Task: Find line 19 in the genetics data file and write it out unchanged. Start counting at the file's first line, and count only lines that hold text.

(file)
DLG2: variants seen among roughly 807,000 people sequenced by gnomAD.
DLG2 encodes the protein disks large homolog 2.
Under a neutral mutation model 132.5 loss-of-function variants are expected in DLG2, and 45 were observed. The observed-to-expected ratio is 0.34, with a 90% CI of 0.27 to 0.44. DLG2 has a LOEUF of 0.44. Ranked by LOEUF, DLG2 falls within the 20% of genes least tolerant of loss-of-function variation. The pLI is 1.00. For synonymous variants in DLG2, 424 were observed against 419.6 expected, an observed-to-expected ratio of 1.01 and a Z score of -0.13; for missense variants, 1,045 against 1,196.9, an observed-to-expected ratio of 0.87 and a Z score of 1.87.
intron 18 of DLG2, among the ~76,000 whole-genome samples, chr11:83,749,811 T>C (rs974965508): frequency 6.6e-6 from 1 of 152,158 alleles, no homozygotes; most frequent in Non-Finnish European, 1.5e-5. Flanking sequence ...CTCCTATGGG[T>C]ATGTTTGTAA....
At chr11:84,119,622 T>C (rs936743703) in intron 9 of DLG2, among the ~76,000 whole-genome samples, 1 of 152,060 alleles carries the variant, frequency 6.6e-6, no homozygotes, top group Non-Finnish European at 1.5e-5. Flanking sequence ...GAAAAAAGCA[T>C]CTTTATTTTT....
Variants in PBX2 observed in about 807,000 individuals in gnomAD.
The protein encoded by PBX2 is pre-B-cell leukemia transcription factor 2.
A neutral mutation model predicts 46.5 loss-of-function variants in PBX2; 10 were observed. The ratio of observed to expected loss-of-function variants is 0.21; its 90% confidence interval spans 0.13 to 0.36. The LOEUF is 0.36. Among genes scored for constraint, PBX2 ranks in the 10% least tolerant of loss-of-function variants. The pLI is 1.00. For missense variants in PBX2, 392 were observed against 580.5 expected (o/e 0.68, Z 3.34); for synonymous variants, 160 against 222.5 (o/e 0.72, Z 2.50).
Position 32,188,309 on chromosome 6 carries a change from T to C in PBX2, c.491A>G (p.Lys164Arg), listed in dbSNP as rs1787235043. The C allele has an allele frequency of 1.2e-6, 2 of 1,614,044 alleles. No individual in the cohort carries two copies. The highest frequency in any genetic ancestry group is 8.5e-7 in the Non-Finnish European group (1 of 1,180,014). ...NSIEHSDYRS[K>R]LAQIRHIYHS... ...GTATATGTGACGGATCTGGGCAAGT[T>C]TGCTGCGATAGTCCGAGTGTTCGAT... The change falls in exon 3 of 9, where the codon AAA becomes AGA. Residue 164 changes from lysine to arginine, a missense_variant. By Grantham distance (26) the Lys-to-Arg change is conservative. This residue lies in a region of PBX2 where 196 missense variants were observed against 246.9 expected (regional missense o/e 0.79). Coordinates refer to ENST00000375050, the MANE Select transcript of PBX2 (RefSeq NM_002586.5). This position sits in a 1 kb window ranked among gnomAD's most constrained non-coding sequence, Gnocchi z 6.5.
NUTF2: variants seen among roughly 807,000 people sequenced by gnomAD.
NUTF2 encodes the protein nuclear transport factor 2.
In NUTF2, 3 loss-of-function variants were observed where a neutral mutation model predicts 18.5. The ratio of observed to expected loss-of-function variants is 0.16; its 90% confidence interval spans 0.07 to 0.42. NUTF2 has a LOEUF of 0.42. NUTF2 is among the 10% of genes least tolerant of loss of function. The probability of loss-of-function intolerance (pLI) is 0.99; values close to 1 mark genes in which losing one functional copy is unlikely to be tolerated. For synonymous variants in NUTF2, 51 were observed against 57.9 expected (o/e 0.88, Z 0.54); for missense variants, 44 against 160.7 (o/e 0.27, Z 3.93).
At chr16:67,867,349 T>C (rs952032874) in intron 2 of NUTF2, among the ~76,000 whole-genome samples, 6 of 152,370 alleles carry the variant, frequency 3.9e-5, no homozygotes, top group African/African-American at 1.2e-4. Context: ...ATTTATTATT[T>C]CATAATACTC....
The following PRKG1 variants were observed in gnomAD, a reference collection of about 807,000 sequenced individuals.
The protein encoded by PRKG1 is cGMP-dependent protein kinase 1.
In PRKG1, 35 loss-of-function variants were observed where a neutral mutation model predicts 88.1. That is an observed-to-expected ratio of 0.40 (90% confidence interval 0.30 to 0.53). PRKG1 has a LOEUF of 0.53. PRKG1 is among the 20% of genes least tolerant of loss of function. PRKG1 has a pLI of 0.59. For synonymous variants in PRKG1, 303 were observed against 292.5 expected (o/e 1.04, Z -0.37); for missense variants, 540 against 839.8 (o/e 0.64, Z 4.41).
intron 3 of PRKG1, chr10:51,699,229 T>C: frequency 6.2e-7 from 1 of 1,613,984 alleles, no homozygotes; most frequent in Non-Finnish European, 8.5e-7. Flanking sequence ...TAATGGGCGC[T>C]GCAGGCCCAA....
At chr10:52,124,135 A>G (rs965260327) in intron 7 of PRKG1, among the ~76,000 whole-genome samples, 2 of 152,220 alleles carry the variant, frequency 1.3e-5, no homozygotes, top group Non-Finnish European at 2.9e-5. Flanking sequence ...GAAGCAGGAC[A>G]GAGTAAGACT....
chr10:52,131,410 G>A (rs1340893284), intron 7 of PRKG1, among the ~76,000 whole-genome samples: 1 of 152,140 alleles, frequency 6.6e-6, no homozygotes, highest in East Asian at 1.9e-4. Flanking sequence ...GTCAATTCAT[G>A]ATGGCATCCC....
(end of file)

chr10:52,131,410 G>A (rs1340893284), intron 7 of PRKG1, among the ~76,000 whole-genome samples: 1 of 152,140 alleles, frequency 6.6e-6, no homozygotes, highest in East Asian at 1.9e-4. Flanking sequence ...GTCAATTCAT[G>A]ATGGCATCCC....